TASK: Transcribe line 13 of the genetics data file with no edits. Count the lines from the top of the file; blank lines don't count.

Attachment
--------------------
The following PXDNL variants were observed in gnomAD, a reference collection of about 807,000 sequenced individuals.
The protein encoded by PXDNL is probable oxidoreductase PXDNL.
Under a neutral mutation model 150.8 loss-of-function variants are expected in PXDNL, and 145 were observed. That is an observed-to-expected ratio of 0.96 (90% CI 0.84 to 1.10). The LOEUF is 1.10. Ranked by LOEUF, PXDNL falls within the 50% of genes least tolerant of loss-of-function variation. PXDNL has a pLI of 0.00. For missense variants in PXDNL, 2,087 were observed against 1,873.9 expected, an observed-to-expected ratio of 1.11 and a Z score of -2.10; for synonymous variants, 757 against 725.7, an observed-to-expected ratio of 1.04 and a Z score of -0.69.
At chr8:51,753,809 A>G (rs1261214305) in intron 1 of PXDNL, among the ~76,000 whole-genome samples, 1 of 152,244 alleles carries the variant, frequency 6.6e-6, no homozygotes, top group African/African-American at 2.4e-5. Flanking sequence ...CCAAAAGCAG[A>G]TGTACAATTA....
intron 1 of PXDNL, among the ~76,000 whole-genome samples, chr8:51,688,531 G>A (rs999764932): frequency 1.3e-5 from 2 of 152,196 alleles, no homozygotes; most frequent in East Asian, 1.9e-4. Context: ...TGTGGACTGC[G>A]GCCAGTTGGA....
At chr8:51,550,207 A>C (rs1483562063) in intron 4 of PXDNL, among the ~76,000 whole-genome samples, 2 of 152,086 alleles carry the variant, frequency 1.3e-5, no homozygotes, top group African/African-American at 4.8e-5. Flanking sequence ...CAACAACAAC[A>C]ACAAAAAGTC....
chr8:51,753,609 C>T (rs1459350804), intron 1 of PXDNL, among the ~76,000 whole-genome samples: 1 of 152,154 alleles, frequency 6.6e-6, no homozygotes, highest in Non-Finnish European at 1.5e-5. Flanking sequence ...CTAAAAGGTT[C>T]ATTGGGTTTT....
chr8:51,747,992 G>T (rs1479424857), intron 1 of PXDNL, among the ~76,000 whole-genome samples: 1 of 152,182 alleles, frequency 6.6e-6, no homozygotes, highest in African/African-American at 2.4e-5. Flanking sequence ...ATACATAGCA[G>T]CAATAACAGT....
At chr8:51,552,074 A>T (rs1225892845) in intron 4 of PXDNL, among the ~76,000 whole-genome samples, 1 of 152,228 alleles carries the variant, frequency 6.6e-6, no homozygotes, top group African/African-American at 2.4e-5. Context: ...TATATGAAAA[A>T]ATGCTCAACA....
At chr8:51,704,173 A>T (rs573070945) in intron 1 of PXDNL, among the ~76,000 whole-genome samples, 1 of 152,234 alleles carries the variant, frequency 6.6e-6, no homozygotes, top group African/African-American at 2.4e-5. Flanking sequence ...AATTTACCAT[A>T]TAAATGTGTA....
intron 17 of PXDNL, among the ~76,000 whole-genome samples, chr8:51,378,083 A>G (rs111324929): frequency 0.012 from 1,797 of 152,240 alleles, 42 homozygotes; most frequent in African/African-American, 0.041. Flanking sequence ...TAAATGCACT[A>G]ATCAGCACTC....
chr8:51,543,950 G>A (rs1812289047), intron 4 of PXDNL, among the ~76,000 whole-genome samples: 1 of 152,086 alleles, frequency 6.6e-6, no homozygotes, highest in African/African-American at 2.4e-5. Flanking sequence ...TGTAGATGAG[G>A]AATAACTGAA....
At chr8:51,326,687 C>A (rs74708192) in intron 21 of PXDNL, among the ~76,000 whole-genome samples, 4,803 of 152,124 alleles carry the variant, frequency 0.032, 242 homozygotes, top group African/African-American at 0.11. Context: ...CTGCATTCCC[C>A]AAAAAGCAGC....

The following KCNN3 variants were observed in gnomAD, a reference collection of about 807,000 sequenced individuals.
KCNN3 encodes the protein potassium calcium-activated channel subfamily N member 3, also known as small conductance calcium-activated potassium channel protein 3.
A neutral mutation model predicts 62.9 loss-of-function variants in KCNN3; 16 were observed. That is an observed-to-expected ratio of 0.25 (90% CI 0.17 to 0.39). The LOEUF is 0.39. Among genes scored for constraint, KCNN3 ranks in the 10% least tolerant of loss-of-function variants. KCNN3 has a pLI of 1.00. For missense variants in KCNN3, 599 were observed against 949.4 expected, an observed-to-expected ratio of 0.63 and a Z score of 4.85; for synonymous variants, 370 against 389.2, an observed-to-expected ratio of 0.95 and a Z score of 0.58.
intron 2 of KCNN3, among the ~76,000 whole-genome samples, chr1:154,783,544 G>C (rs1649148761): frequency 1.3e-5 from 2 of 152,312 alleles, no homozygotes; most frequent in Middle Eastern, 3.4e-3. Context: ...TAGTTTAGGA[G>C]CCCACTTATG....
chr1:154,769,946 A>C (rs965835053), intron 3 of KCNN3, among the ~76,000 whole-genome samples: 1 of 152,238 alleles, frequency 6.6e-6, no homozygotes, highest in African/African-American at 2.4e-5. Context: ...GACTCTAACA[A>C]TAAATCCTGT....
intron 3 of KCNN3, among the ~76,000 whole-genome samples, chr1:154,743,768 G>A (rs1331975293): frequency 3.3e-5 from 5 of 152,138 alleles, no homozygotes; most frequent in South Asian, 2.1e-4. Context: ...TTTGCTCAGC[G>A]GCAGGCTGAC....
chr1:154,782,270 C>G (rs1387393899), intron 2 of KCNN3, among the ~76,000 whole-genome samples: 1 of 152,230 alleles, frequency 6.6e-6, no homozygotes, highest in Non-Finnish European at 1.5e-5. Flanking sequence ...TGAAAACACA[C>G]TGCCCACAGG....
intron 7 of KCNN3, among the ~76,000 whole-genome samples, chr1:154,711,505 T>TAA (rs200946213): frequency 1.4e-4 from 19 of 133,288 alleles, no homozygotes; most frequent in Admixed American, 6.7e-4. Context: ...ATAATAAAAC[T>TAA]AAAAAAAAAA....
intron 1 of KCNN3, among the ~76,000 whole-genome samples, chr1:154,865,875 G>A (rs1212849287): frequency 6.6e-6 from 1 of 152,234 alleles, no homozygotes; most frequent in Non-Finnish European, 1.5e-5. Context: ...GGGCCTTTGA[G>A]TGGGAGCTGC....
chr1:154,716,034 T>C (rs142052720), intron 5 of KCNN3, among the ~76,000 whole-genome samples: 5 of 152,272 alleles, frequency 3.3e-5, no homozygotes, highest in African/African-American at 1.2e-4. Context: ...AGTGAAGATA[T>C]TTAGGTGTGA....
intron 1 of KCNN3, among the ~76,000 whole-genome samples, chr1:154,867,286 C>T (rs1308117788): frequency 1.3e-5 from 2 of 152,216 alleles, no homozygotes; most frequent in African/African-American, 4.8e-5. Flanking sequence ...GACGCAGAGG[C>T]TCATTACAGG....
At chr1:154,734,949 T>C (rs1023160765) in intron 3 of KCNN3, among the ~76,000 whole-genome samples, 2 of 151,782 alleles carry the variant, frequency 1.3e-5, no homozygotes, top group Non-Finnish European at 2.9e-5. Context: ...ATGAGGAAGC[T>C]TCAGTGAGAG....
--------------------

At chr8:51,326,687 C>A (rs74708192) in intron 21 of PXDNL, among the ~76,000 whole-genome samples, 4,803 of 152,124 alleles carry the variant, frequency 0.032, 242 homozygotes, top group African/African-American at 0.11. Context: ...CTGCATTCCC[C>A]AAAAAGCAGC....